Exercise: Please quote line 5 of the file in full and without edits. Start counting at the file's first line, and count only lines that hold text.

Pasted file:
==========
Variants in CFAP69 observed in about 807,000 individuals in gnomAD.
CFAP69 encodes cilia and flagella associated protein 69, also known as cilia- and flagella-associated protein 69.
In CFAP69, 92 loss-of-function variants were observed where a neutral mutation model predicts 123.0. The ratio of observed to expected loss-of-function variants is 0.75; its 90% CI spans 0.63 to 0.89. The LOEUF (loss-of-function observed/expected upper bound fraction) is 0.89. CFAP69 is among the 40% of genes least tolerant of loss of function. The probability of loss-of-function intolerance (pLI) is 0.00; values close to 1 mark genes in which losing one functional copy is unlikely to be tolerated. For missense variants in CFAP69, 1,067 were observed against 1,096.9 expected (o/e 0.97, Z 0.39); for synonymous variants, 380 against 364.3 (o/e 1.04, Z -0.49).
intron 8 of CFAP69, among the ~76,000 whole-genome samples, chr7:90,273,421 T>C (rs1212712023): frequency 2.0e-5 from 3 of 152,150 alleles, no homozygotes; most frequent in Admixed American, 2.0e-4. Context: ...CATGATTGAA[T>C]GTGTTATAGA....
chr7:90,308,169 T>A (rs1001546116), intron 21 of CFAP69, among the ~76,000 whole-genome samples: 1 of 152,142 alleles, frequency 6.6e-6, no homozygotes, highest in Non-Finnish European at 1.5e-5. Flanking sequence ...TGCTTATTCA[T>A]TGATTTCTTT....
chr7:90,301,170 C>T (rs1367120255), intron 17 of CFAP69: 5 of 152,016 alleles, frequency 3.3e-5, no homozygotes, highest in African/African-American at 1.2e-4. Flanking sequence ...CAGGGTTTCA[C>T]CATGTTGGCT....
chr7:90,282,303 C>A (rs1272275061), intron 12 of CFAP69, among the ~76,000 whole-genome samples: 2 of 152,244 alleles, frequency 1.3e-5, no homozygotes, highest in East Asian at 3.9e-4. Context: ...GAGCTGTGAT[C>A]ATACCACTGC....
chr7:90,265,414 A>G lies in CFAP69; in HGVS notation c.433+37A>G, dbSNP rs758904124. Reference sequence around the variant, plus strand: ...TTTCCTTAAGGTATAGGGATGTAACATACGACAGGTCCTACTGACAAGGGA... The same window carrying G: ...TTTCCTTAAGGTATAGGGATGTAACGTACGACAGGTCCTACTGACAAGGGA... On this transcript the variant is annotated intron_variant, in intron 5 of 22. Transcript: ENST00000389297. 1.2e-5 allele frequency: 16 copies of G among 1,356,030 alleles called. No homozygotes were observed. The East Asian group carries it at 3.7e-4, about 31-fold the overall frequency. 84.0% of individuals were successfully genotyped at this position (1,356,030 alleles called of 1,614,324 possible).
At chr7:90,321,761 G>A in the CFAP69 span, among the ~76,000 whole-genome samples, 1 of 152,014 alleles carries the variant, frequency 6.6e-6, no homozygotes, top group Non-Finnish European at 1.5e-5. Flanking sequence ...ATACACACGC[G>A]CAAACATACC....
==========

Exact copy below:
chr7:90,308,169 T>A (rs1001546116), intron 21 of CFAP69, among the ~76,000 whole-genome samples: 1 of 152,142 alleles, frequency 6.6e-6, no homozygotes, highest in Non-Finnish European at 1.5e-5. Flanking sequence ...TGCTTATTCA[T>A]TGATTTCTTT....